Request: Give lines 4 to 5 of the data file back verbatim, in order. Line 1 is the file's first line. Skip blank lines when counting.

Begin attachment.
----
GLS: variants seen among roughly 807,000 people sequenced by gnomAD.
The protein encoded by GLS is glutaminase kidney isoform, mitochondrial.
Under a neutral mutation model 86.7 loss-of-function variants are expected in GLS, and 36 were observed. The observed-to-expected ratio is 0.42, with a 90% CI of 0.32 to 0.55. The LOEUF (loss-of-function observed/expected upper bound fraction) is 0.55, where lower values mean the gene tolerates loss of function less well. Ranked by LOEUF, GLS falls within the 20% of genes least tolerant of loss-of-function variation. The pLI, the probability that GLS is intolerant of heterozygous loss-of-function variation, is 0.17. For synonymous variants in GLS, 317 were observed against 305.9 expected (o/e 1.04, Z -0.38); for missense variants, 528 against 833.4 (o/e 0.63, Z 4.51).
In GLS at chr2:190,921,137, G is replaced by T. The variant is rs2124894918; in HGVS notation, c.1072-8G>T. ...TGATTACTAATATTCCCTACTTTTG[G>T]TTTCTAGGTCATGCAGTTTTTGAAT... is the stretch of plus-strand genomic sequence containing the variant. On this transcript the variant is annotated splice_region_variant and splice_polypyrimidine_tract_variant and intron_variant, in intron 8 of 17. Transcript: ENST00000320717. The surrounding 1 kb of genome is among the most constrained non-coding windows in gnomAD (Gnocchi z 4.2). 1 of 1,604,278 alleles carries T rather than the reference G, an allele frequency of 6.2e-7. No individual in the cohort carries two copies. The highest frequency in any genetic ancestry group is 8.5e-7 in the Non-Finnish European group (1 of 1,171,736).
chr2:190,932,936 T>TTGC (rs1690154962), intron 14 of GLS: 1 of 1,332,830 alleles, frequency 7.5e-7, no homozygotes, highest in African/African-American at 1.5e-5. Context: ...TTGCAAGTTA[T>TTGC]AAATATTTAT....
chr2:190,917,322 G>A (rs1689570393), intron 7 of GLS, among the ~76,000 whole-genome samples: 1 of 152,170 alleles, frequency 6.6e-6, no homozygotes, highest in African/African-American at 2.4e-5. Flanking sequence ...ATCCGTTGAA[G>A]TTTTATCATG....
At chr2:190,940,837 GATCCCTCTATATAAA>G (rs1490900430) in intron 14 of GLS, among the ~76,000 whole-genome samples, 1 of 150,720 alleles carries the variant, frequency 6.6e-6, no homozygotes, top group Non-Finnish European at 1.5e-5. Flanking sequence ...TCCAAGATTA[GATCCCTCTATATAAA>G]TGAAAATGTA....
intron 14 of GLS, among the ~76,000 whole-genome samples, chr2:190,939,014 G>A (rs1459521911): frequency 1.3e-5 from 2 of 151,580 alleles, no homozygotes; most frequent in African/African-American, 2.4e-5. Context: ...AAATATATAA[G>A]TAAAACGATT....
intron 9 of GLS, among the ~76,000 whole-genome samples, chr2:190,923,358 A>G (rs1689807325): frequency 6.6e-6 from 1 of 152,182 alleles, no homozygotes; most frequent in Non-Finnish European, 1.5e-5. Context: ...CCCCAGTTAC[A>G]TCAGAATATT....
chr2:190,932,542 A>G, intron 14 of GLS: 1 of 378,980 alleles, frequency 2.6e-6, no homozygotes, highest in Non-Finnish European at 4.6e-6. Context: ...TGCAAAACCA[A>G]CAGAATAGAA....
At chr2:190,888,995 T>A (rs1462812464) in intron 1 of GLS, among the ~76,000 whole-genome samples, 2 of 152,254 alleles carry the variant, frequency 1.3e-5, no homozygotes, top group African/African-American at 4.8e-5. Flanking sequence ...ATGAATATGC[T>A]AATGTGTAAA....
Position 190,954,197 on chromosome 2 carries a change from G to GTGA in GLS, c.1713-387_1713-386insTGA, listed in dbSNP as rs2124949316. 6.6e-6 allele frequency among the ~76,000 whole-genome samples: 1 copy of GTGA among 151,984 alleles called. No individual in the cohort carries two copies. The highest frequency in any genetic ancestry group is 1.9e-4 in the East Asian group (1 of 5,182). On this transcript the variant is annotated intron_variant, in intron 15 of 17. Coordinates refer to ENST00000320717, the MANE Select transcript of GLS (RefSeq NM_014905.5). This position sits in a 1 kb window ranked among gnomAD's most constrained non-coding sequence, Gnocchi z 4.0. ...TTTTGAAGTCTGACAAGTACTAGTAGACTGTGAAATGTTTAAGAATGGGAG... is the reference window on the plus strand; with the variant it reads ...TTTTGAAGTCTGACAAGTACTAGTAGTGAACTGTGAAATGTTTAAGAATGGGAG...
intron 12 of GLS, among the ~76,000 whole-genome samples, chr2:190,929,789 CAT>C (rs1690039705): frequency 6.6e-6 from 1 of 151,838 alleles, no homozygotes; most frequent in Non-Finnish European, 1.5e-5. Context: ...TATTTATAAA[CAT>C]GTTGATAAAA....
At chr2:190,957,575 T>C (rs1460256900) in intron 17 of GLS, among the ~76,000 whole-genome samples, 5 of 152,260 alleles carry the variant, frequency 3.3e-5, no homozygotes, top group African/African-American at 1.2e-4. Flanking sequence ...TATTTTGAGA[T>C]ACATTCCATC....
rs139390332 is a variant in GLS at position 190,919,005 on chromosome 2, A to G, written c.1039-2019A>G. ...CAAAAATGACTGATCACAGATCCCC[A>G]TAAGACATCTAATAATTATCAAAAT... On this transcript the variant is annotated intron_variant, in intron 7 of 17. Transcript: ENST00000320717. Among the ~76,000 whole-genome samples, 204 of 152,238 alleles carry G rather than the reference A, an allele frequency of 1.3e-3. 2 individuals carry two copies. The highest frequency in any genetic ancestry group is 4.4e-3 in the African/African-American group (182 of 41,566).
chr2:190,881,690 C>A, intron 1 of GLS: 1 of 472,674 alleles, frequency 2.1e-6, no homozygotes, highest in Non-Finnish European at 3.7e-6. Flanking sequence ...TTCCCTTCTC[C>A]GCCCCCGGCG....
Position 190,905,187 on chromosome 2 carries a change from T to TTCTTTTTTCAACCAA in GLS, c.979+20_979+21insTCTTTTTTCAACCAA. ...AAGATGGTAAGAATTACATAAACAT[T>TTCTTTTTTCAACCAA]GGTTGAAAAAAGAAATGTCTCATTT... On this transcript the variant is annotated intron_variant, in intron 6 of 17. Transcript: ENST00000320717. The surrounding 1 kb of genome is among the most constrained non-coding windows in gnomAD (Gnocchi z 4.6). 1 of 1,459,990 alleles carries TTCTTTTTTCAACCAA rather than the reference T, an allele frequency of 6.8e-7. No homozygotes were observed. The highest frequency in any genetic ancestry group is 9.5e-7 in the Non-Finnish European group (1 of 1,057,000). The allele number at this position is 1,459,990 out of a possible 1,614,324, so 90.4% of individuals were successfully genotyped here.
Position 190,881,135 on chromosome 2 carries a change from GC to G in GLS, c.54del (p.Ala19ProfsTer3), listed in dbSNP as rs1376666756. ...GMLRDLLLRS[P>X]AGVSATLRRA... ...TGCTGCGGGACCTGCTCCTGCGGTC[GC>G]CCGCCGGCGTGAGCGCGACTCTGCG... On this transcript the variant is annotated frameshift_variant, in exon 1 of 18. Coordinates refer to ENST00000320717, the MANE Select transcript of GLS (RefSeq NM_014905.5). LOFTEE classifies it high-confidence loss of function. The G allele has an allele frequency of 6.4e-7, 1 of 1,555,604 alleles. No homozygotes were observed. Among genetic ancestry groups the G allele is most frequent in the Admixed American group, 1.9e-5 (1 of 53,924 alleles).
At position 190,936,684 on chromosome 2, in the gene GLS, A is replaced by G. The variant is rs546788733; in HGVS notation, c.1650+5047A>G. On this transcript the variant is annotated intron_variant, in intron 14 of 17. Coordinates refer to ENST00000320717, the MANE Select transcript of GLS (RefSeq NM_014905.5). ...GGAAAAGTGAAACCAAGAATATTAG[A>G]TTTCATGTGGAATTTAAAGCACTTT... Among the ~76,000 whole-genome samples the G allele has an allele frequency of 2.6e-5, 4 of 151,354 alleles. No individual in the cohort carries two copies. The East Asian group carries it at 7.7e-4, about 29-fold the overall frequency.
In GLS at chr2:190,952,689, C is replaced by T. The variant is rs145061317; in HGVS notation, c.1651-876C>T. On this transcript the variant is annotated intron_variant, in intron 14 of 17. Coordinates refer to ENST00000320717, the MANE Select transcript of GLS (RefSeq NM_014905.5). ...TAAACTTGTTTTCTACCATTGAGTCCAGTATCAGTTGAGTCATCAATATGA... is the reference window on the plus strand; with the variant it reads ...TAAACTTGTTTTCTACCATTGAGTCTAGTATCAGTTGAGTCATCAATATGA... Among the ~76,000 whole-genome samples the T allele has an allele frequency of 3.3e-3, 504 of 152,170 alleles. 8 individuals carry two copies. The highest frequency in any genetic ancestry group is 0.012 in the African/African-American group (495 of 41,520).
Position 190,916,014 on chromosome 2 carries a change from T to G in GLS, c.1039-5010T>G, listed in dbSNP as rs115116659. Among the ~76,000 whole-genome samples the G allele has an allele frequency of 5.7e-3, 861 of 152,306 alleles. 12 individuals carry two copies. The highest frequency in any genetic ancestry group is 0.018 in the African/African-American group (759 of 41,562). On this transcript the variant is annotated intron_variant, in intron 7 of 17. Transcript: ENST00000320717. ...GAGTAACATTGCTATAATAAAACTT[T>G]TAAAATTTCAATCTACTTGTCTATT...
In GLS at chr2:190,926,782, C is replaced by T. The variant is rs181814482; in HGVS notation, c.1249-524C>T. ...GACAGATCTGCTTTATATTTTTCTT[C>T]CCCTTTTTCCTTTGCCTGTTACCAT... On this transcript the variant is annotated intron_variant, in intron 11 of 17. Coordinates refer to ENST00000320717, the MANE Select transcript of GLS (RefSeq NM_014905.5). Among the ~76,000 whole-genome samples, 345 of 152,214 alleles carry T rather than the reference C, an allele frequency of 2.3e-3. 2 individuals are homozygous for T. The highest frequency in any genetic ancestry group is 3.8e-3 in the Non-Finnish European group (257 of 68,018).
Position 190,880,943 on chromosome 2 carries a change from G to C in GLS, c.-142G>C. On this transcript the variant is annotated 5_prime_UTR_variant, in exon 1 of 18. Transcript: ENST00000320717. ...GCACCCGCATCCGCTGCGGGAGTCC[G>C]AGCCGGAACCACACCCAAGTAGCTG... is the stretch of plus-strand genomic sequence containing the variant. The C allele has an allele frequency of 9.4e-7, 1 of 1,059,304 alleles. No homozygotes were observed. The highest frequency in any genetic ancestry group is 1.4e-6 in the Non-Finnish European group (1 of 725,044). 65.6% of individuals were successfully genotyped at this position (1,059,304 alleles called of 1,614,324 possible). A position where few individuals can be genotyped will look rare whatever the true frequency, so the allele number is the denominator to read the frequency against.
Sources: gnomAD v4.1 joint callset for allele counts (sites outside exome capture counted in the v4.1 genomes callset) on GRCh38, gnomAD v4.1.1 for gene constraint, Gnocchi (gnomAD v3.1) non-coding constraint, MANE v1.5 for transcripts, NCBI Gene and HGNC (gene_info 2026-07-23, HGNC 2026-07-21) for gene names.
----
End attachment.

In GLS at chr2:190,921,137, G is replaced by T. The variant is rs2124894918; in HGVS notation, c.1072-8G>T. ...TGATTACTAATATTCCCTACTTTTG[G>T]TTTCTAGGTCATGCAGTTTTTGAAT... is the stretch of plus-strand genomic sequence containing the variant. On this transcript the variant is annotated splice_region_variant and splice_polypyrimidine_tract_variant and intron_variant, in intron 8 of 17. Transcript: ENST00000320717. The surrounding 1 kb of genome is among the most constrained non-coding windows in gnomAD (Gnocchi z 4.2). 1 of 1,604,278 alleles carries T rather than the reference G, an allele frequency of 6.2e-7. No individual in the cohort carries two copies. The highest frequency in any genetic ancestry group is 8.5e-7 in the Non-Finnish European group (1 of 1,171,736).
chr2:190,932,936 T>TTGC (rs1690154962), intron 14 of GLS: 1 of 1,332,830 alleles, frequency 7.5e-7, no homozygotes, highest in African/African-American at 1.5e-5. Context: ...TTGCAAGTTA[T>TTGC]AAATATTTAT....